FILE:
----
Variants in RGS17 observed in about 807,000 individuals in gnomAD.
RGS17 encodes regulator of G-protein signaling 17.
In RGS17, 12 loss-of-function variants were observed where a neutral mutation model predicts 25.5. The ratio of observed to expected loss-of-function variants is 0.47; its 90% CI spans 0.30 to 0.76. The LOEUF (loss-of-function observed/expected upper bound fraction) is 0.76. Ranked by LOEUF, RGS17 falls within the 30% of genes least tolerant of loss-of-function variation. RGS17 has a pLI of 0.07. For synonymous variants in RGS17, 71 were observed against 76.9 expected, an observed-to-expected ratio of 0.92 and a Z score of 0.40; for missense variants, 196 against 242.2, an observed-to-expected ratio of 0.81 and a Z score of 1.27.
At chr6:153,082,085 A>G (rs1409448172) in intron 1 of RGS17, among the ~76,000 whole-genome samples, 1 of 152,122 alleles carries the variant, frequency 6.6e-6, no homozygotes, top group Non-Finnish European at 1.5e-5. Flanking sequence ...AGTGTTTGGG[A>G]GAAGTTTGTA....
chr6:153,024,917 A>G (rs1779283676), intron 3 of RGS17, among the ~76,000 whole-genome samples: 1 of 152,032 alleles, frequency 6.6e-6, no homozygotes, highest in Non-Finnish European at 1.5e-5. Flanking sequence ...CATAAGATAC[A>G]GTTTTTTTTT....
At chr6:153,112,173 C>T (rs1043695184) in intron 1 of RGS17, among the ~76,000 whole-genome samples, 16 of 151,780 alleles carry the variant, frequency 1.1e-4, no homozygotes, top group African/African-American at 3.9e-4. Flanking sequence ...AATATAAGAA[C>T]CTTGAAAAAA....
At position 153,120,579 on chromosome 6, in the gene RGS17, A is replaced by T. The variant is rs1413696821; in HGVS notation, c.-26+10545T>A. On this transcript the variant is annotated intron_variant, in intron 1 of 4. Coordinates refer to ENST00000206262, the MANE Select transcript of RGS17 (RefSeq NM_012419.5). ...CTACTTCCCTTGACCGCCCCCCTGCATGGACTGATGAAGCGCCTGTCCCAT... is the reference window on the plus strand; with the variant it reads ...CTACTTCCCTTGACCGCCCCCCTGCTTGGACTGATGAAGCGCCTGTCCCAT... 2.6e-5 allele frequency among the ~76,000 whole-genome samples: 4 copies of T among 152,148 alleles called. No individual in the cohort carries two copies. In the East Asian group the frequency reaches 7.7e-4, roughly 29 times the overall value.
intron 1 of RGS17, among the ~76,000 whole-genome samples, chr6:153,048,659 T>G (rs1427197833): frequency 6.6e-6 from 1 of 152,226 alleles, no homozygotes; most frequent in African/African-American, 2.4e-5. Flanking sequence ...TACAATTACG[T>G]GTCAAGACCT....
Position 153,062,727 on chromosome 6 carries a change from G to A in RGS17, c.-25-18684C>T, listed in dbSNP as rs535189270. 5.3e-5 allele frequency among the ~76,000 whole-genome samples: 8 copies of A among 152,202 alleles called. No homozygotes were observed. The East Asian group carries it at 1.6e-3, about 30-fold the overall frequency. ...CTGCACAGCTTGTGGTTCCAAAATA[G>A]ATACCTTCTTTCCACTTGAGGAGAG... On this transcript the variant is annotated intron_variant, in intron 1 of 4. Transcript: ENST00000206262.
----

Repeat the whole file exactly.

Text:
Variants in RGS17 observed in about 807,000 individuals in gnomAD.
RGS17 encodes regulator of G-protein signaling 17.
In RGS17, 12 loss-of-function variants were observed where a neutral mutation model predicts 25.5. The ratio of observed to expected loss-of-function variants is 0.47; its 90% CI spans 0.30 to 0.76. The LOEUF (loss-of-function observed/expected upper bound fraction) is 0.76. Ranked by LOEUF, RGS17 falls within the 30% of genes least tolerant of loss-of-function variation. RGS17 has a pLI of 0.07. For synonymous variants in RGS17, 71 were observed against 76.9 expected, an observed-to-expected ratio of 0.92 and a Z score of 0.40; for missense variants, 196 against 242.2, an observed-to-expected ratio of 0.81 and a Z score of 1.27.
At chr6:153,082,085 A>G (rs1409448172) in intron 1 of RGS17, among the ~76,000 whole-genome samples, 1 of 152,122 alleles carries the variant, frequency 6.6e-6, no homozygotes, top group Non-Finnish European at 1.5e-5. Flanking sequence ...AGTGTTTGGG[A>G]GAAGTTTGTA....
chr6:153,024,917 A>G (rs1779283676), intron 3 of RGS17, among the ~76,000 whole-genome samples: 1 of 152,032 alleles, frequency 6.6e-6, no homozygotes, highest in Non-Finnish European at 1.5e-5. Flanking sequence ...CATAAGATAC[A>G]GTTTTTTTTT....
At chr6:153,112,173 C>T (rs1043695184) in intron 1 of RGS17, among the ~76,000 whole-genome samples, 16 of 151,780 alleles carry the variant, frequency 1.1e-4, no homozygotes, top group African/African-American at 3.9e-4. Flanking sequence ...AATATAAGAA[C>T]CTTGAAAAAA....
At position 153,120,579 on chromosome 6, in the gene RGS17, A is replaced by T. The variant is rs1413696821; in HGVS notation, c.-26+10545T>A. On this transcript the variant is annotated intron_variant, in intron 1 of 4. Coordinates refer to ENST00000206262, the MANE Select transcript of RGS17 (RefSeq NM_012419.5). ...CTACTTCCCTTGACCGCCCCCCTGCATGGACTGATGAAGCGCCTGTCCCAT... is the reference window on the plus strand; with the variant it reads ...CTACTTCCCTTGACCGCCCCCCTGCTTGGACTGATGAAGCGCCTGTCCCAT... 2.6e-5 allele frequency among the ~76,000 whole-genome samples: 4 copies of T among 152,148 alleles called. No individual in the cohort carries two copies. In the East Asian group the frequency reaches 7.7e-4, roughly 29 times the overall value.
intron 1 of RGS17, among the ~76,000 whole-genome samples, chr6:153,048,659 T>G (rs1427197833): frequency 6.6e-6 from 1 of 152,226 alleles, no homozygotes; most frequent in African/African-American, 2.4e-5. Flanking sequence ...TACAATTACG[T>G]GTCAAGACCT....
Position 153,062,727 on chromosome 6 carries a change from G to A in RGS17, c.-25-18684C>T, listed in dbSNP as rs535189270. 5.3e-5 allele frequency among the ~76,000 whole-genome samples: 8 copies of A among 152,202 alleles called. No homozygotes were observed. The East Asian group carries it at 1.6e-3, about 30-fold the overall frequency. ...CTGCACAGCTTGTGGTTCCAAAATA[G>A]ATACCTTCTTTCCACTTGAGGAGAG... On this transcript the variant is annotated intron_variant, in intron 1 of 4. Transcript: ENST00000206262.